What are all the included latencies in your Absolute Input Lag testing? Could there potentially be mouse button latency included? Also system latency? What are frame-times etc.?
    Reply
  • ashburner
    This is for competitive gamers and that's it. They are notorious for running high framerate at low resolution. Even at 1080p, almost all effect settings are turned off. It's kinda crap to watch but it works for them. I prefer 2K at 27". I'm at 165hz now but I'm looking at a 4K 27". My 3080 should be in on Tuesday.
    Reply
  • nofanneeded
    I dont know whats stopping Tomshardware from reviewing LG Oled 4K 55 inch TV for gaming ? it has everything one needs for gaming even Nvidia Gsync.
    Reply
  • fireball812
    It Hertz your budget
    Reply
  • mdrejhon
    Founder of Blur Busters / Inventor of TestUFO here.

    I should compliment Toms Hardware for improved mainstream-writing description of how motion blur is reduced -- doubling Hz halves display motion blur, as an alternative to strobing. Yesterday's media used to dismiss high Hz, or was not familiar with the benefits of high Hz.

    I would, recommend that TomsHardware do pursuit camera tests with instructions at the forums:
    https://forums.blurbusters.com/viewforum.php?f=23(Even an iPhone works as a pursuit camera!)
    Reply
  • mdrejhon
    ashburner said:
    This is for competitive gamers and that's it.
    Not necessarily. If you own a 120Hz iPad, you'll notice web browser scrolling is 2x clearer. LCD motion blur halves when LCD Hz doubles. And my 360 Hz monitor has 1/6th web browser scrolling motion blur of a 60 Hz LCD monitor.

    I have the PG259QN here too, and it's absolutely lovely, especially when combined with the Razer 8000 Hz mouse (I have a prototype here).

    4K was a $10,000 frivolity in 2001. Today, 4K is a $299 Walmart special. The mainstreaming of 120 Hz is slowly beginning this decade, with future iPhone/Android devices standardizing at least 120 Hz. But eventually, 240 Hz will be a freebie feature much like Retina screens.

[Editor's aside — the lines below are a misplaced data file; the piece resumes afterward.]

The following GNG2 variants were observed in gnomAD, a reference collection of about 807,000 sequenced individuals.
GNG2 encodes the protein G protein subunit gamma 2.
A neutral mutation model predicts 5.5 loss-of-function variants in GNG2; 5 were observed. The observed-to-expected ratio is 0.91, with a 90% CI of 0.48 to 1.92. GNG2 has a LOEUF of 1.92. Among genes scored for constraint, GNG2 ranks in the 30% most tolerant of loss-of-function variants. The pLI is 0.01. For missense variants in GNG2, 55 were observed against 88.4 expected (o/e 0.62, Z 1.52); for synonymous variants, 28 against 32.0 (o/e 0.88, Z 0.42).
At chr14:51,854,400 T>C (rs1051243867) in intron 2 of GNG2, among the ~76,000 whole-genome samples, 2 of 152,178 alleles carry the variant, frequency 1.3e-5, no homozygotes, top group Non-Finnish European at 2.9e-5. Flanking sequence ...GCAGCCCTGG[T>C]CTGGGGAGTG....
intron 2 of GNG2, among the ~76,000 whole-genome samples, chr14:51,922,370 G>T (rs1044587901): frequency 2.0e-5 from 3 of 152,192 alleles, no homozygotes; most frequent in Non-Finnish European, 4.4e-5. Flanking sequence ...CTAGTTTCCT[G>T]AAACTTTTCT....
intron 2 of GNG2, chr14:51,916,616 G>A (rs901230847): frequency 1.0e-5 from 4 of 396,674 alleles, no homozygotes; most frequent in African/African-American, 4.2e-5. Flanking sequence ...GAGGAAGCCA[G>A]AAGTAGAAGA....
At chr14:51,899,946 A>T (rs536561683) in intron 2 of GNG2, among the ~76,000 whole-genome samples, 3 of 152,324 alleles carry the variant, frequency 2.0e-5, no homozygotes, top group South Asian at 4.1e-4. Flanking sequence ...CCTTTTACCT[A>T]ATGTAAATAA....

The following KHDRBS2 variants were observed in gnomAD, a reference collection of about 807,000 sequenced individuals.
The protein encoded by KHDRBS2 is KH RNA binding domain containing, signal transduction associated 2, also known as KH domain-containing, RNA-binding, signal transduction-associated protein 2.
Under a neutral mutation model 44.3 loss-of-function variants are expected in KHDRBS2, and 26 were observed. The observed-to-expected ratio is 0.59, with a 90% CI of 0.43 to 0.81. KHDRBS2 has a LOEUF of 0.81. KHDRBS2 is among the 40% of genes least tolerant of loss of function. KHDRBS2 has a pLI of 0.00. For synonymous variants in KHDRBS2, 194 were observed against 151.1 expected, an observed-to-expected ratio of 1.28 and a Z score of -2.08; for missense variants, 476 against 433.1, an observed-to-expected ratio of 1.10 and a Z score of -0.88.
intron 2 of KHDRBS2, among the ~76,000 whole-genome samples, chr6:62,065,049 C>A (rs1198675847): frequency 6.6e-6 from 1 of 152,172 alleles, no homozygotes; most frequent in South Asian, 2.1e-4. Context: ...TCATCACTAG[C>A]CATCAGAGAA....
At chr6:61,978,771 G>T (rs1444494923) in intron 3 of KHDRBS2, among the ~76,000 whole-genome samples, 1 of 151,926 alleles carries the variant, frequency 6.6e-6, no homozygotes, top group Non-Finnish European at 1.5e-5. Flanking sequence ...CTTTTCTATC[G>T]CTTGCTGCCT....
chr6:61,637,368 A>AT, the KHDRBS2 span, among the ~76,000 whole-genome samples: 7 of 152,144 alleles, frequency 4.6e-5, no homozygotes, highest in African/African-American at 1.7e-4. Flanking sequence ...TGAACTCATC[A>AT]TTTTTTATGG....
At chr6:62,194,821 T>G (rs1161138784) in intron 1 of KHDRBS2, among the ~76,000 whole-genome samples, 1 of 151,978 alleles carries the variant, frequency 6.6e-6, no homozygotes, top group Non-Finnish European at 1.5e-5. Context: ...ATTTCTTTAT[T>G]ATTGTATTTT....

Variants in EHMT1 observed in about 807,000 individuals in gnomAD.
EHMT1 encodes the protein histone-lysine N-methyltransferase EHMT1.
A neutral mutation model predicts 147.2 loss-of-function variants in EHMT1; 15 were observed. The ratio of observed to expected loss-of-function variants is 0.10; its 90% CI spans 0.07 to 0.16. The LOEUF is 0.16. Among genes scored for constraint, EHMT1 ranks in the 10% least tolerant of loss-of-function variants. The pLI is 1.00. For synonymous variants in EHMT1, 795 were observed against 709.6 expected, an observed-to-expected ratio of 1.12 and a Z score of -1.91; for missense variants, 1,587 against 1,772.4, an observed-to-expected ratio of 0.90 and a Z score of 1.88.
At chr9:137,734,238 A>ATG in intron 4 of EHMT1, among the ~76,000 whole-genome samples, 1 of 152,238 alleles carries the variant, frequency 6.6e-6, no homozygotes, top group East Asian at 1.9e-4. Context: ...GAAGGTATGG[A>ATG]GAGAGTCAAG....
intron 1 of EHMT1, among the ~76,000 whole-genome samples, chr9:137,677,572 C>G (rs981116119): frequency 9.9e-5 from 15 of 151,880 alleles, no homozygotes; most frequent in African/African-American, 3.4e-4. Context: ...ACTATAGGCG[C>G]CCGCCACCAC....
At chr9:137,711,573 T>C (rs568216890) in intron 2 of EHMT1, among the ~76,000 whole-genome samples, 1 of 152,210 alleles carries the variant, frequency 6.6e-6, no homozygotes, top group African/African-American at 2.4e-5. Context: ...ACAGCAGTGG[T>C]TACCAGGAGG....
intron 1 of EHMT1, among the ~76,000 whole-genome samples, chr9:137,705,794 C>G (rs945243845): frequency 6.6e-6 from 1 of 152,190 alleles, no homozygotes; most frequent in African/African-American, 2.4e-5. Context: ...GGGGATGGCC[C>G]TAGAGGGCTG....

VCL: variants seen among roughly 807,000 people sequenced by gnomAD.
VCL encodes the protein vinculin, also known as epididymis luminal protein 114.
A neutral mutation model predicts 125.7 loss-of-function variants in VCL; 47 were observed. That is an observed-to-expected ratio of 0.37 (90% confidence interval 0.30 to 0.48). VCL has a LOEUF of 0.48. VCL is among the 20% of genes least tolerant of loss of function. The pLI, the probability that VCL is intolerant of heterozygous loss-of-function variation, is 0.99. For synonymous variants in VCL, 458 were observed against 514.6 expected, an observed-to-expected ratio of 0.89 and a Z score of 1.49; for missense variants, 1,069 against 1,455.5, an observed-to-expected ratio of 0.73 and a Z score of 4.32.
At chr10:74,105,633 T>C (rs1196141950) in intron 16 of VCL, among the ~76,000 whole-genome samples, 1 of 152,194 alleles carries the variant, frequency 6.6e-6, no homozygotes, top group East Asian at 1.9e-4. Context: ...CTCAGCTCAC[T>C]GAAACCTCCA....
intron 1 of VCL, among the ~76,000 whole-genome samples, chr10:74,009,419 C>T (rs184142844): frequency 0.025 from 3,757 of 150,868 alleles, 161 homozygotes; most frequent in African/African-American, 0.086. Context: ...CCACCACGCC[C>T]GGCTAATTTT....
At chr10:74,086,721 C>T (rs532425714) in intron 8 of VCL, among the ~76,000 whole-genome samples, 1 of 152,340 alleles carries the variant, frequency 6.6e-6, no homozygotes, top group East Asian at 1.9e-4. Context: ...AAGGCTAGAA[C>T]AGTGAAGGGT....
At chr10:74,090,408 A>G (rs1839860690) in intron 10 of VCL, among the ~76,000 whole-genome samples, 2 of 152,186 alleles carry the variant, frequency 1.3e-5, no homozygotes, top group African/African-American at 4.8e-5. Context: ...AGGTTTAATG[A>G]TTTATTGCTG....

We've almost retina'd out resolution, but we are far away from retina refresh rates. There is already a laboratory engineering path to an 8K 1000Hz display, though that will take many years of progress to reach.

    High-Hz isn't just for esports anymore. Though the highest Hz is still expensive and mainly of interest to bigger-budget users.
    Reply
  • CaesarNaykid
    mdrejhon said:
    Founder of Blur Busters / Inventor of TestUFO here.

    I should compliment Toms Hardware for improved mainstream-writing description of how motion blur is reduced -- doubling Hz halves display motion blur, as an alternative to strobing. Yesterday's media used to dismiss high Hz, or was not familiar with the benefits of high Hz.

    I would, recommend that TomsHardware do pursuit camera tests with instructions at the forums:
    https://forums.blurbusters.com/viewforum.php?f=23(Even an iPhone works as a pursuit camera!)
    I was going to post about your site. My eyes hurt and I cringe every time i see sideways pans in films and I check your site from time to time to see how the race to 1000hz is going. I get why these people like higher resolutions, but even back in the day of the 3DFX Voodoo1 and Voodoo2 SLI I preferred higher framerate over the resolution bumps. I want to see that 1000 hz target hit and this is a positive step that moves the bar even if just a bit towards the goal we need in display technology.
    Reply